IIIT-Delhi Institutional Repository

Communication network discovery and leader selection strategies for multi-robot deployments

Show simple item record

dc.contributor.author Lahiri, Shayan
dc.contributor.author Sujit, PB (Advisor)
dc.date.accessioned 2015-12-02T11:45:01Z
dc.date.available 2015-12-02T11:45:01Z
dc.date.issued 2015-12-02T11:45:01Z
dc.identifier.uri https://repository.iiitd.edu.in/jspui/handle/123456789/339
dc.description.abstract Robots have been successfully deployed during natural disasters to perform remote search and rescue missions. These robots are tasked under human operator supervision. For remote operations, network connectivity is essential. However, there is a scarcity of network infrastructure in a post-disaster scenario and the robots may lose connectivity with the operator. If the environment is dynamic, a robot may be disconnected from the base station, in which case, either it stays at the current location until network is re-established or searches in the environment to re-establish the connection. An intuitive mechanism of returning to the last network connected location may be an inefficient strategy. In this thesis, we use foraging concepts from the animal kingdom to address the problem of connection re-establishment in sparse network coverage scenarios. We use a combination of L´evy walks, past path memory and convex hull concepts to develop an efficient hybrid model that allows the robots to escape from no-network areas. Simulation results are presented that show the superiority of our hybrid model in establishing connectivity with the base station compared to L´evy only search, memory-based search and random search. It is also important to ensure that the time spent on interaction between the human operator and the robots/agents is as minimal as possible. If the operator has to control a large number of agents, known as a swarm, then it becomes time consuming for him to interact with each agent. The interaction time can be reduced if the operator controls a subset of agents to guide the behaviour of the swarm. This can be even further reduced by removing operator control over selection of agents within a swarm. Hence, we examine how automatic selection of agents, within a swarm, should be done so as to influence the other agents to complete the assigned task. We also find out how many influencing agents should be selected and where they should be located for efficient relocation of the swarm without any swarm fragmentation. en_US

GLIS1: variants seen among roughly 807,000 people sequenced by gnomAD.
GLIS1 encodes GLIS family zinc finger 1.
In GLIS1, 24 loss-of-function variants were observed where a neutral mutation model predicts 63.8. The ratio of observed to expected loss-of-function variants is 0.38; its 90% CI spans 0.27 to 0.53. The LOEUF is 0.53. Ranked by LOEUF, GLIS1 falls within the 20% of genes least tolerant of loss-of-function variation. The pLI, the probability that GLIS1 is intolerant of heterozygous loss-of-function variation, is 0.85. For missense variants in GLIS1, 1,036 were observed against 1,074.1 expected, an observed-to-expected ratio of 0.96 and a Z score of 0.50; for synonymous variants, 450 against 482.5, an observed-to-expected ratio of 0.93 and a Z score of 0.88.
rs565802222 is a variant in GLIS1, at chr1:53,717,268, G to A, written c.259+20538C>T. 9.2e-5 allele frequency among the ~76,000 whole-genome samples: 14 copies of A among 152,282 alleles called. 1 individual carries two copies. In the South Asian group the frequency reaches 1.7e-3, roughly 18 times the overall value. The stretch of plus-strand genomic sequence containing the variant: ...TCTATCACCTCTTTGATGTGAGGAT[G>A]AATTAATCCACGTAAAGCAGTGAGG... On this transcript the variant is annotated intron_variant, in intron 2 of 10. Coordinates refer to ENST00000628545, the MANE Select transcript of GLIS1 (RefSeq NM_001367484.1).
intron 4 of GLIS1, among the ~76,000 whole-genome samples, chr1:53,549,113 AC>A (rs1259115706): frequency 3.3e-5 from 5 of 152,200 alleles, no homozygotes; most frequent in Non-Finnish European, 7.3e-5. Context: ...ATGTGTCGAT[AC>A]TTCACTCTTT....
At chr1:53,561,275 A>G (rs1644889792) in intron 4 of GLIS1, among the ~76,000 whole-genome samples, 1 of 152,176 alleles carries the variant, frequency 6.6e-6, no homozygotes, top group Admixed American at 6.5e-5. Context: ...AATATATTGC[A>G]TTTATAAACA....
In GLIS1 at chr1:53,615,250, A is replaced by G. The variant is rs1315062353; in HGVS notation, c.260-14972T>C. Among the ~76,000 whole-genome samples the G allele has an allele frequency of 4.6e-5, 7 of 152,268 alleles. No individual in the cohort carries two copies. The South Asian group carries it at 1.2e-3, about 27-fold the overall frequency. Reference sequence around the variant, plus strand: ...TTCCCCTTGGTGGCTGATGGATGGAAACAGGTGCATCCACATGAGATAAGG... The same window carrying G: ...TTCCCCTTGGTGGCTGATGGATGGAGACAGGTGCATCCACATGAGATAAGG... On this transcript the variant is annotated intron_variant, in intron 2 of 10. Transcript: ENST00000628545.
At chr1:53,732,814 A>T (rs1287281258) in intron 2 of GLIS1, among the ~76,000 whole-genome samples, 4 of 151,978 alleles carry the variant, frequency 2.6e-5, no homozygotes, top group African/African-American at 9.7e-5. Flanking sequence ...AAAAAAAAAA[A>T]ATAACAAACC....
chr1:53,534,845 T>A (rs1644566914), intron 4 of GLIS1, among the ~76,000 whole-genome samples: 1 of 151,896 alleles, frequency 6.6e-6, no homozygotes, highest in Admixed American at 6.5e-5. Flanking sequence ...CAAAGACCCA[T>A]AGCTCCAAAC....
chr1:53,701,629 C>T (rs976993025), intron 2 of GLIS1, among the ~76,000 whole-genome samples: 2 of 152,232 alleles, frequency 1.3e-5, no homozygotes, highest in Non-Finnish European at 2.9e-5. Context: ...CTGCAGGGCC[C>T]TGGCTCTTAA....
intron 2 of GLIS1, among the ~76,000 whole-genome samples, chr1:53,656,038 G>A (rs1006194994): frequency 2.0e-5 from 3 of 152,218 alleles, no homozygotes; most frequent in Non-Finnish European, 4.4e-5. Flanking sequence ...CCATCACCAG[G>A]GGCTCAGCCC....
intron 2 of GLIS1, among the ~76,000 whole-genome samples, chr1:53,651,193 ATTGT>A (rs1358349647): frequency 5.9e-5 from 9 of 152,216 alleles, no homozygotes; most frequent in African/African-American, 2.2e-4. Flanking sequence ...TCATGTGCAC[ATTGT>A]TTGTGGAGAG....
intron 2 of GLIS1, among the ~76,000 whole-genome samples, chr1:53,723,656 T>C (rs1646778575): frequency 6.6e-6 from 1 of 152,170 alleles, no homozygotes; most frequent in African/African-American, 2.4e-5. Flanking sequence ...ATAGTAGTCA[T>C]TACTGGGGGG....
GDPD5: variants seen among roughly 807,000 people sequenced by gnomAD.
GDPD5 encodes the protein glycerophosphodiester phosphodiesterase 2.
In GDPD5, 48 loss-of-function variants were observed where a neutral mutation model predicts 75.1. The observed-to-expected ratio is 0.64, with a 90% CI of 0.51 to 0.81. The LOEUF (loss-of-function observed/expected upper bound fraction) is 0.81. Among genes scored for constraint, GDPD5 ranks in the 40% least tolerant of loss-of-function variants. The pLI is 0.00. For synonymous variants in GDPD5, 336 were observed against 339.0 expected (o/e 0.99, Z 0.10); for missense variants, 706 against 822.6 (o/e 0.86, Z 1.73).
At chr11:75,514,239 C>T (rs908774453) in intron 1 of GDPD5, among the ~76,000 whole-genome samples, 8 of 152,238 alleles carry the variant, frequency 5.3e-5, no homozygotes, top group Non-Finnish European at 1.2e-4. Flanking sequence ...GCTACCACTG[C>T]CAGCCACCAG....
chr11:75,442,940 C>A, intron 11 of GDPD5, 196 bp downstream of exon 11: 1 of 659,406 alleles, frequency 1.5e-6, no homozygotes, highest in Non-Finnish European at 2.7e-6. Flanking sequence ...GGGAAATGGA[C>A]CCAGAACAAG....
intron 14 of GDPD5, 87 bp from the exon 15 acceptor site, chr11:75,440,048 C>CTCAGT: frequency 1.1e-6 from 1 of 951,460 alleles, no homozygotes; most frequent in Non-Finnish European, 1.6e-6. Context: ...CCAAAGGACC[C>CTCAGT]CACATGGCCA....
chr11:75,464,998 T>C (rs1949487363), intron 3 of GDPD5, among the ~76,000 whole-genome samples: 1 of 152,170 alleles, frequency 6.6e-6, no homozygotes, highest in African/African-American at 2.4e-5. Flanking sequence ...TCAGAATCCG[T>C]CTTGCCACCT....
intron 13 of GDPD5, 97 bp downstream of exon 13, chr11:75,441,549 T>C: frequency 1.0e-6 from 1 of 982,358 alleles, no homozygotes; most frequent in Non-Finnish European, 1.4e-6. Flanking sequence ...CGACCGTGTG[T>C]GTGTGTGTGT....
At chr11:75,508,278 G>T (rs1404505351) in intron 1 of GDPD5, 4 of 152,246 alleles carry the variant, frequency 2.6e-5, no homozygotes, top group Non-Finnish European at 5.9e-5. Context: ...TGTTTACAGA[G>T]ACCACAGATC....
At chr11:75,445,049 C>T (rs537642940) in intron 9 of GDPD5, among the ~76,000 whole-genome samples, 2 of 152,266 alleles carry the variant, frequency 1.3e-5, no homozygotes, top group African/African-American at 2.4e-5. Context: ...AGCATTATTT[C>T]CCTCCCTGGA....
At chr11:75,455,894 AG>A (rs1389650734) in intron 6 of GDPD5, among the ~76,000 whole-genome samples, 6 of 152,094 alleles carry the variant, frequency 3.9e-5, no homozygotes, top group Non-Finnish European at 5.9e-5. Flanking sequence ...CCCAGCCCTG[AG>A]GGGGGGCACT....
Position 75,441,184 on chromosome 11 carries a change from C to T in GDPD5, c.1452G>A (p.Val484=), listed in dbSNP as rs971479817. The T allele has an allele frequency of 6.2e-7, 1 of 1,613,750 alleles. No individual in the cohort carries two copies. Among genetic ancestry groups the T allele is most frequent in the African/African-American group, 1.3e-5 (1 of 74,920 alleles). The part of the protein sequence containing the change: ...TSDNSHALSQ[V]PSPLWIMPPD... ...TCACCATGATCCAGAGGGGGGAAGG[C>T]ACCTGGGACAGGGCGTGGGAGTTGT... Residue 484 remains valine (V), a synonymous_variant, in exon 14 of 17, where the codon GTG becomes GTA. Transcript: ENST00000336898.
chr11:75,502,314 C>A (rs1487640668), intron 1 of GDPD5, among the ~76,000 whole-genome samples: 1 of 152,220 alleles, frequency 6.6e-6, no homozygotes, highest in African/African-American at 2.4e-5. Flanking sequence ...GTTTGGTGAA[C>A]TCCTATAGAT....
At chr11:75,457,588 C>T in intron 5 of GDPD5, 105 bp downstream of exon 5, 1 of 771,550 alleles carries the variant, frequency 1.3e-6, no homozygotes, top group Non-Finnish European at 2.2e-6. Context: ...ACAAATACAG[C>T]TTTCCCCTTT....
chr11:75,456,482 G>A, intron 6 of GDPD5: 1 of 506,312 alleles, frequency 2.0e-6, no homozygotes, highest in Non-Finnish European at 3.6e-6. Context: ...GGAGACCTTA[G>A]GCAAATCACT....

dc.language.iso en en_US
dc.title Communication network discovery and leader selection strategies for multi-robot deployments en_US
dc.type Thesis en_US

Files in this item

This item appears in the following Collection(s)

Show simple item record

Search Repository

Advanced Search


My Account